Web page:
I don’t agree with every little tidbit of his speech, but I do think he’s right. The deny, avoid, ignore pattern is so prevalent when it comes to race, and it doesn’t serve the interest of racial justice at all.
Here’s a quote about Holder’s speech, and a link to the entire article:
In a speech to Justice Department employees marking Black History Month, Holder said the workplace is largely integrated but Americans still self-segregate on the weekends and in their private lives.
In the speech, Holder urged people of all races to use Black History Month as a chance for honest discussion of racial matters, including issues of health care, education and economic disparities.
“Though this nation has proudly thought of itself as an ethnic melting pot, in things racial we have always been and I believe continue to be, in too many ways, essentially a nation of cowards,” Holder said.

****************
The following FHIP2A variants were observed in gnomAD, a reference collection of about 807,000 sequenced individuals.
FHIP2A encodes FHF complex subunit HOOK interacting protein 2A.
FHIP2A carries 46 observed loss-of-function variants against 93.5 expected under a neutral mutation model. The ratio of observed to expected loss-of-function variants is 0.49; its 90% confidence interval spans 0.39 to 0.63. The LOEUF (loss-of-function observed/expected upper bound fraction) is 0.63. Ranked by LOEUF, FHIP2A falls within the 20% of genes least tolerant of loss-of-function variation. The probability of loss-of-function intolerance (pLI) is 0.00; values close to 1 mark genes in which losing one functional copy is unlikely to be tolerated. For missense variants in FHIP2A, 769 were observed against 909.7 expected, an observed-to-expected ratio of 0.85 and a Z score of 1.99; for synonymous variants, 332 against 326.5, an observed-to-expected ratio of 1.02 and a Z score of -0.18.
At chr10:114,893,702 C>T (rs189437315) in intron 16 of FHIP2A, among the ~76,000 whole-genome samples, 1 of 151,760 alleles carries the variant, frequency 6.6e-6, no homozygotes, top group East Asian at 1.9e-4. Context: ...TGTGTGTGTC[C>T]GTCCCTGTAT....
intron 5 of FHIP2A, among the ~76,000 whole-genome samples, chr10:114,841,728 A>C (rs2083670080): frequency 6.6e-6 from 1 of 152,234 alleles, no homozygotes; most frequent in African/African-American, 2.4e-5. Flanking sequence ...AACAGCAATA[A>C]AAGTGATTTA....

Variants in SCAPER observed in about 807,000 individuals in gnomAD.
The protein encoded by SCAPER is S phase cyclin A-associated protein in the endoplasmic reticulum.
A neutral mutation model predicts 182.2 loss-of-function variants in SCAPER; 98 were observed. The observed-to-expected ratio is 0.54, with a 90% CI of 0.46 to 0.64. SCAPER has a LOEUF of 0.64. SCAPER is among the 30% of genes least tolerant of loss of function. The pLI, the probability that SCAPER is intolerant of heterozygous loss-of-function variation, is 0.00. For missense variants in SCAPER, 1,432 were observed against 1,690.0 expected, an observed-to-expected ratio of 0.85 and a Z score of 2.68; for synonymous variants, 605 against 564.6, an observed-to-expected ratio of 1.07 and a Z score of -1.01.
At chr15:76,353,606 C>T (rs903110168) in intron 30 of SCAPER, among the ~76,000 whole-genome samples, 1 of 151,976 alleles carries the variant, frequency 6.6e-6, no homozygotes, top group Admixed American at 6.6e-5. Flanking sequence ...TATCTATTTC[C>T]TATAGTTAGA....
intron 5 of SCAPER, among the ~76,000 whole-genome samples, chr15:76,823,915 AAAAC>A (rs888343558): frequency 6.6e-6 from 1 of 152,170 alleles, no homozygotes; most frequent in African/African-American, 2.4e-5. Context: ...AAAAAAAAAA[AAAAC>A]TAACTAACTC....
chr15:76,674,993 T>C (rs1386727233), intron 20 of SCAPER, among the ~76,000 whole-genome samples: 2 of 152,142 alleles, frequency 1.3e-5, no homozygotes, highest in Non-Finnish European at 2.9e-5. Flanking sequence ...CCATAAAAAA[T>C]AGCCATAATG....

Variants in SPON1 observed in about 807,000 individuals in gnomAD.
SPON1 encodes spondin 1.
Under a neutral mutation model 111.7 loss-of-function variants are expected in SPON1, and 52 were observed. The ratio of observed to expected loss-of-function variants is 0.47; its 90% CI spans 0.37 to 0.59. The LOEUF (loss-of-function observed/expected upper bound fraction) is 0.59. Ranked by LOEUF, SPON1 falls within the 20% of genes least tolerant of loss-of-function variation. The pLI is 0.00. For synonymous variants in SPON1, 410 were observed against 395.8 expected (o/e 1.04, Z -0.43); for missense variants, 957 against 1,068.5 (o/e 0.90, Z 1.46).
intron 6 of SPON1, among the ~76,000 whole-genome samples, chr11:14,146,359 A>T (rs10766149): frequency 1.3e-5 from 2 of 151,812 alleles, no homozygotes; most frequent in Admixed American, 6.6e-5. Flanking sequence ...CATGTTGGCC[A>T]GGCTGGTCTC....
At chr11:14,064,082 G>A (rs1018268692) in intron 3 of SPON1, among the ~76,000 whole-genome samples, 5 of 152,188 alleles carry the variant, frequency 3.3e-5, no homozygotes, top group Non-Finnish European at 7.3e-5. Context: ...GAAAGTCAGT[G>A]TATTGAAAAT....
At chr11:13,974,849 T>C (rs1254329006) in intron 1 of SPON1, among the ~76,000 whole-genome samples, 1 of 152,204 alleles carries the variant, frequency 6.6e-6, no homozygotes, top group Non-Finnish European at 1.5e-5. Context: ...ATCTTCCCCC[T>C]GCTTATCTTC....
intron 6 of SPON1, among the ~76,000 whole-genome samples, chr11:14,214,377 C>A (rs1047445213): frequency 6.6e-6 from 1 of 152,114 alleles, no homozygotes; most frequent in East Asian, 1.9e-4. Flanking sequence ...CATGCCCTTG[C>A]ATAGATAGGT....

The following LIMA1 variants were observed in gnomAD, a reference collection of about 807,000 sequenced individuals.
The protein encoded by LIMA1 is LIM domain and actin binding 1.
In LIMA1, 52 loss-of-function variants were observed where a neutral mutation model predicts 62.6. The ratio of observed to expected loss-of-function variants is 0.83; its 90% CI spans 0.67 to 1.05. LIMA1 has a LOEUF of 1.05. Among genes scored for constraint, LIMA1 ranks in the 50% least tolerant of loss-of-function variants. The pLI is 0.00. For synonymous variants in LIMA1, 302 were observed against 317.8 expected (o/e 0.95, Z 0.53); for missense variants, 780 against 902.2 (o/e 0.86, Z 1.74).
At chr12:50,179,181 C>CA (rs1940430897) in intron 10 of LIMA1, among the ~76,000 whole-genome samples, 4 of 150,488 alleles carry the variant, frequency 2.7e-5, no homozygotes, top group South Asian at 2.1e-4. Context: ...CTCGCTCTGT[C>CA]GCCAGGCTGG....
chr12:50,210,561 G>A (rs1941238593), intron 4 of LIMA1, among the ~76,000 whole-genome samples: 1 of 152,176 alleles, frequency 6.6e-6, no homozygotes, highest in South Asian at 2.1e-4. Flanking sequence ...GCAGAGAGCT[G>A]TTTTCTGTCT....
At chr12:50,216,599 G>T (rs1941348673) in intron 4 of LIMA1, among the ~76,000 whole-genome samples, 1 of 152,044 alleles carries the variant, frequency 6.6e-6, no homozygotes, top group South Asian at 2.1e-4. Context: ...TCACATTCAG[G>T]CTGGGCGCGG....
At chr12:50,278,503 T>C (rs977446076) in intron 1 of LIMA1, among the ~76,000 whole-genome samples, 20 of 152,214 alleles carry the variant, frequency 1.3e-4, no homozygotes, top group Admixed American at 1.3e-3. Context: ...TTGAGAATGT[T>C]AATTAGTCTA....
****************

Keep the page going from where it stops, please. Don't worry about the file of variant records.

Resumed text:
Race issues continue to be a topic of political discussion, but “we, as average Americans, simply do not talk enough with each other about race.”
Holder’s speech echoed President Barack Obama’s landmark address last year on race relations during the hotly contested Democratic primaries, when the then-candidate urged the nation to break “a racial stalemate we’ve been stuck in for years” and bemoaned the “chasm of misunderstanding that exists between the races.” Obama delivered the speech to try to distance himself from the angry rhetoric of his former pastor, the Rev. Jeremiah Wright.
Holder cited that speech by Obama as part of the motivation for his words Wednesday, saying Americans need to overcome an ingrained inhibition against talking about race.
“If we’re going to ever make progress, we’re going to have to have the guts, we have to have the determination, to be honest with each other. It also means we have to be able to accept criticism where that is justified,” Holder told reporters after the speech.